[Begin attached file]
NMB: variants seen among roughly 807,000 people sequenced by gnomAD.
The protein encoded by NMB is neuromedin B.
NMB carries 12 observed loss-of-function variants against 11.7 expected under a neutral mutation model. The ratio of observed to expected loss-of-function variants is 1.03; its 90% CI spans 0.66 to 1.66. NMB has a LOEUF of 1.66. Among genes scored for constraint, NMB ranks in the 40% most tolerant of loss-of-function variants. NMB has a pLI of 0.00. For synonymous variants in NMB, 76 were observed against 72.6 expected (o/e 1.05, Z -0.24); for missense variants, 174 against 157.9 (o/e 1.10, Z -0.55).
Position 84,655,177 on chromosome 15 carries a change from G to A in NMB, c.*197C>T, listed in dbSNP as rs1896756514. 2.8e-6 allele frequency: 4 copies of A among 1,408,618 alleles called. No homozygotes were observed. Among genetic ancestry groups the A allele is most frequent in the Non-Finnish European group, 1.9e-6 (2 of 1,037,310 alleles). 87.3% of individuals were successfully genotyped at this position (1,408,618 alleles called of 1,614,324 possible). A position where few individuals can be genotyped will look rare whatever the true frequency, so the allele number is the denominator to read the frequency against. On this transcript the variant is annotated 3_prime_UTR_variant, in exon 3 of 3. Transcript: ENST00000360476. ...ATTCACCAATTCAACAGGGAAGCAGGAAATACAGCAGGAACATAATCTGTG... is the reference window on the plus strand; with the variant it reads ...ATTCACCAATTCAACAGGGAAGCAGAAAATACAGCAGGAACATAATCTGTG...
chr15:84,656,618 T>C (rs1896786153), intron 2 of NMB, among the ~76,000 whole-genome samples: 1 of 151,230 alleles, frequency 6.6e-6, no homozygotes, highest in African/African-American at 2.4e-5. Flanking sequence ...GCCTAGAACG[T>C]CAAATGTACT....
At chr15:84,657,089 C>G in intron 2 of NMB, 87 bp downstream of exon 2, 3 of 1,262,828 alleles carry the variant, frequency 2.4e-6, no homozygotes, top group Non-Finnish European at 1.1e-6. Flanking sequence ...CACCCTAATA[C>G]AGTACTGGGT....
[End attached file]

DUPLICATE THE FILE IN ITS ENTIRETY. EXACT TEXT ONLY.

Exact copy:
NMB: variants seen among roughly 807,000 people sequenced by gnomAD.
The protein encoded by NMB is neuromedin B.
NMB carries 12 observed loss-of-function variants against 11.7 expected under a neutral mutation model. The ratio of observed to expected loss-of-function variants is 1.03; its 90% CI spans 0.66 to 1.66. NMB has a LOEUF of 1.66. Among genes scored for constraint, NMB ranks in the 40% most tolerant of loss-of-function variants. NMB has a pLI of 0.00. For synonymous variants in NMB, 76 were observed against 72.6 expected (o/e 1.05, Z -0.24); for missense variants, 174 against 157.9 (o/e 1.10, Z -0.55).
Position 84,655,177 on chromosome 15 carries a change from G to A in NMB, c.*197C>T, listed in dbSNP as rs1896756514. 2.8e-6 allele frequency: 4 copies of A among 1,408,618 alleles called. No homozygotes were observed. Among genetic ancestry groups the A allele is most frequent in the Non-Finnish European group, 1.9e-6 (2 of 1,037,310 alleles). 87.3% of individuals were successfully genotyped at this position (1,408,618 alleles called of 1,614,324 possible). A position where few individuals can be genotyped will look rare whatever the true frequency, so the allele number is the denominator to read the frequency against. On this transcript the variant is annotated 3_prime_UTR_variant, in exon 3 of 3. Transcript: ENST00000360476. ...ATTCACCAATTCAACAGGGAAGCAGGAAATACAGCAGGAACATAATCTGTG... is the reference window on the plus strand; with the variant it reads ...ATTCACCAATTCAACAGGGAAGCAGAAAATACAGCAGGAACATAATCTGTG...
chr15:84,656,618 T>C (rs1896786153), intron 2 of NMB, among the ~76,000 whole-genome samples: 1 of 151,230 alleles, frequency 6.6e-6, no homozygotes, highest in African/African-American at 2.4e-5. Flanking sequence ...GCCTAGAACG[T>C]CAAATGTACT....
At chr15:84,657,089 C>G in intron 2 of NMB, 87 bp downstream of exon 2, 3 of 1,262,828 alleles carry the variant, frequency 2.4e-6, no homozygotes, top group Non-Finnish European at 1.1e-6. Flanking sequence ...CACCCTAATA[C>G]AGTACTGGGT....